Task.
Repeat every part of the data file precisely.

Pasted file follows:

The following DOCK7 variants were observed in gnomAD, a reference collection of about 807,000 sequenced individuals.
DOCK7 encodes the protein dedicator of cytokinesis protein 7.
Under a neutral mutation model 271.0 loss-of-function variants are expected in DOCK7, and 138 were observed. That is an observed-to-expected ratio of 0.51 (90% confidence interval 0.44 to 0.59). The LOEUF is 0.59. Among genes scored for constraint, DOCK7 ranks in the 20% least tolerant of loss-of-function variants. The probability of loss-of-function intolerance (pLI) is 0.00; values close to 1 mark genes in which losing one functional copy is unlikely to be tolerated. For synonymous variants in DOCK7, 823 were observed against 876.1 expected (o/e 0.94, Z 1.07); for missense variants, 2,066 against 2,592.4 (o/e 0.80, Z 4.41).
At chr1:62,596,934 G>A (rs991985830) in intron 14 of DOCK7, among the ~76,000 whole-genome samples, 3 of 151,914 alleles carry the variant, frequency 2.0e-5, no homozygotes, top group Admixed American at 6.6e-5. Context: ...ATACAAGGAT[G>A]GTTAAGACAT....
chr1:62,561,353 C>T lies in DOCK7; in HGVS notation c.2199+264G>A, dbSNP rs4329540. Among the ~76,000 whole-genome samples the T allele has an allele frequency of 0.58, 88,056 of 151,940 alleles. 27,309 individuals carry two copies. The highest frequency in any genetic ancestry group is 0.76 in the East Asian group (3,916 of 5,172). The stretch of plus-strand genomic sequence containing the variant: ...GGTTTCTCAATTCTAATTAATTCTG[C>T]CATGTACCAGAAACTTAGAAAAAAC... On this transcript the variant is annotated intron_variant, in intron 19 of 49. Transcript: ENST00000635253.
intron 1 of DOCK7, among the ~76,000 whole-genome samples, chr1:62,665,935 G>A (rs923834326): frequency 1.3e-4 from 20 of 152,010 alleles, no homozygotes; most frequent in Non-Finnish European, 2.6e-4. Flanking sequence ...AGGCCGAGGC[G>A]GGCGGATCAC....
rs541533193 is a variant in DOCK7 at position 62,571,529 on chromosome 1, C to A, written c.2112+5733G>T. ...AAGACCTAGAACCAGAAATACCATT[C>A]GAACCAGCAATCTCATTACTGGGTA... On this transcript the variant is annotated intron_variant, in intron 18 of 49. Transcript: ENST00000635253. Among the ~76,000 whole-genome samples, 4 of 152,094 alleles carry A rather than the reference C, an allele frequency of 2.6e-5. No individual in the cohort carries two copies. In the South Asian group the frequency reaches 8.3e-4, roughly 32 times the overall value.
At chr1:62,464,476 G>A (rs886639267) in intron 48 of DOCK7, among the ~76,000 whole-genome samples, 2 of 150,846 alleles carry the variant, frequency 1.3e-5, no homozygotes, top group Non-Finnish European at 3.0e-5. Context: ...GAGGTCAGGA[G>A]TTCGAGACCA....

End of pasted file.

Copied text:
The following DOCK7 variants were observed in gnomAD, a reference collection of about 807,000 sequenced individuals.
DOCK7 encodes the protein dedicator of cytokinesis protein 7.
Under a neutral mutation model 271.0 loss-of-function variants are expected in DOCK7, and 138 were observed. That is an observed-to-expected ratio of 0.51 (90% confidence interval 0.44 to 0.59). The LOEUF is 0.59. Among genes scored for constraint, DOCK7 ranks in the 20% least tolerant of loss-of-function variants. The probability of loss-of-function intolerance (pLI) is 0.00; values close to 1 mark genes in which losing one functional copy is unlikely to be tolerated. For synonymous variants in DOCK7, 823 were observed against 876.1 expected (o/e 0.94, Z 1.07); for missense variants, 2,066 against 2,592.4 (o/e 0.80, Z 4.41).
At chr1:62,596,934 G>A (rs991985830) in intron 14 of DOCK7, among the ~76,000 whole-genome samples, 3 of 151,914 alleles carry the variant, frequency 2.0e-5, no homozygotes, top group Admixed American at 6.6e-5. Context: ...ATACAAGGAT[G>A]GTTAAGACAT....
chr1:62,561,353 C>T lies in DOCK7; in HGVS notation c.2199+264G>A, dbSNP rs4329540. Among the ~76,000 whole-genome samples the T allele has an allele frequency of 0.58, 88,056 of 151,940 alleles. 27,309 individuals carry two copies. The highest frequency in any genetic ancestry group is 0.76 in the East Asian group (3,916 of 5,172). The stretch of plus-strand genomic sequence containing the variant: ...GGTTTCTCAATTCTAATTAATTCTG[C>T]CATGTACCAGAAACTTAGAAAAAAC... On this transcript the variant is annotated intron_variant, in intron 19 of 49. Transcript: ENST00000635253.
intron 1 of DOCK7, among the ~76,000 whole-genome samples, chr1:62,665,935 G>A (rs923834326): frequency 1.3e-4 from 20 of 152,010 alleles, no homozygotes; most frequent in Non-Finnish European, 2.6e-4. Flanking sequence ...AGGCCGAGGC[G>A]GGCGGATCAC....
rs541533193 is a variant in DOCK7 at position 62,571,529 on chromosome 1, C to A, written c.2112+5733G>T. ...AAGACCTAGAACCAGAAATACCATT[C>A]GAACCAGCAATCTCATTACTGGGTA... On this transcript the variant is annotated intron_variant, in intron 18 of 49. Transcript: ENST00000635253. Among the ~76,000 whole-genome samples, 4 of 152,094 alleles carry A rather than the reference C, an allele frequency of 2.6e-5. No individual in the cohort carries two copies. In the South Asian group the frequency reaches 8.3e-4, roughly 32 times the overall value.
At chr1:62,464,476 G>A (rs886639267) in intron 48 of DOCK7, among the ~76,000 whole-genome samples, 2 of 150,846 alleles carry the variant, frequency 1.3e-5, no homozygotes, top group Non-Finnish European at 3.0e-5. Context: ...GAGGTCAGGA[G>A]TTCGAGACCA....